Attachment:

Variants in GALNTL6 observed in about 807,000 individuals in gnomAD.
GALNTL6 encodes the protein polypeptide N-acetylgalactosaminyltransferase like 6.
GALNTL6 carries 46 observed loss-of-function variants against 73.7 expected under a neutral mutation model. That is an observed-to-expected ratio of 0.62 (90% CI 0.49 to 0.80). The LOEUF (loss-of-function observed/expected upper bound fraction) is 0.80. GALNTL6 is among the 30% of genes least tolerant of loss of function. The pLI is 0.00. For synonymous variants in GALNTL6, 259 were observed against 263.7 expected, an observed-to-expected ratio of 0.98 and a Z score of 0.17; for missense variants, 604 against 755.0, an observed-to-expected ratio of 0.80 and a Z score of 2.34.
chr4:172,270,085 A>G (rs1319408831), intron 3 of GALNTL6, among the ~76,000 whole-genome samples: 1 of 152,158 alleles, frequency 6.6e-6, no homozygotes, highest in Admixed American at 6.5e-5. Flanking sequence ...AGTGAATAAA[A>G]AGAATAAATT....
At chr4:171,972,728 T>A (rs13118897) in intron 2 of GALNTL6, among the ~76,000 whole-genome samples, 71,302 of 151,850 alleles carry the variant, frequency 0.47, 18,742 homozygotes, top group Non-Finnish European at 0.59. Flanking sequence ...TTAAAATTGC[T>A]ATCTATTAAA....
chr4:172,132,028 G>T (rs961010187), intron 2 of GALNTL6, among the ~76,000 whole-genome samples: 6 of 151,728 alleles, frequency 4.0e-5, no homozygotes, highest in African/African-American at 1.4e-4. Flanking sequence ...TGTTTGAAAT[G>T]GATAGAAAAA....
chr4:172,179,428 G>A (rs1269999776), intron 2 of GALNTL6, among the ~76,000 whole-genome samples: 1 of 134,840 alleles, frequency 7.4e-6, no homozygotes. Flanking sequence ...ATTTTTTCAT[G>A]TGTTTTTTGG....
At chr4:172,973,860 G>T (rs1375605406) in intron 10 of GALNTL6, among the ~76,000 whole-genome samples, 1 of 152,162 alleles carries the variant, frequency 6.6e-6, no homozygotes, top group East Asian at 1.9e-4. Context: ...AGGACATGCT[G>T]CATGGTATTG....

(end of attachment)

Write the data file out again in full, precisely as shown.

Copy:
Variants in GALNTL6 observed in about 807,000 individuals in gnomAD.
GALNTL6 encodes the protein polypeptide N-acetylgalactosaminyltransferase like 6.
GALNTL6 carries 46 observed loss-of-function variants against 73.7 expected under a neutral mutation model. That is an observed-to-expected ratio of 0.62 (90% CI 0.49 to 0.80). The LOEUF (loss-of-function observed/expected upper bound fraction) is 0.80. GALNTL6 is among the 30% of genes least tolerant of loss of function. The pLI is 0.00. For synonymous variants in GALNTL6, 259 were observed against 263.7 expected, an observed-to-expected ratio of 0.98 and a Z score of 0.17; for missense variants, 604 against 755.0, an observed-to-expected ratio of 0.80 and a Z score of 2.34.
chr4:172,270,085 A>G (rs1319408831), intron 3 of GALNTL6, among the ~76,000 whole-genome samples: 1 of 152,158 alleles, frequency 6.6e-6, no homozygotes, highest in Admixed American at 6.5e-5. Flanking sequence ...AGTGAATAAA[A>G]AGAATAAATT....
At chr4:171,972,728 T>A (rs13118897) in intron 2 of GALNTL6, among the ~76,000 whole-genome samples, 71,302 of 151,850 alleles carry the variant, frequency 0.47, 18,742 homozygotes, top group Non-Finnish European at 0.59. Flanking sequence ...TTAAAATTGC[T>A]ATCTATTAAA....
chr4:172,132,028 G>T (rs961010187), intron 2 of GALNTL6, among the ~76,000 whole-genome samples: 6 of 151,728 alleles, frequency 4.0e-5, no homozygotes, highest in African/African-American at 1.4e-4. Flanking sequence ...TGTTTGAAAT[G>T]GATAGAAAAA....
chr4:172,179,428 G>A (rs1269999776), intron 2 of GALNTL6, among the ~76,000 whole-genome samples: 1 of 134,840 alleles, frequency 7.4e-6, no homozygotes. Flanking sequence ...ATTTTTTCAT[G>A]TGTTTTTTGG....
At chr4:172,973,860 G>T (rs1375605406) in intron 10 of GALNTL6, among the ~76,000 whole-genome samples, 1 of 152,162 alleles carries the variant, frequency 6.6e-6, no homozygotes, top group East Asian at 1.9e-4. Context: ...AGGACATGCT[G>T]CATGGTATTG....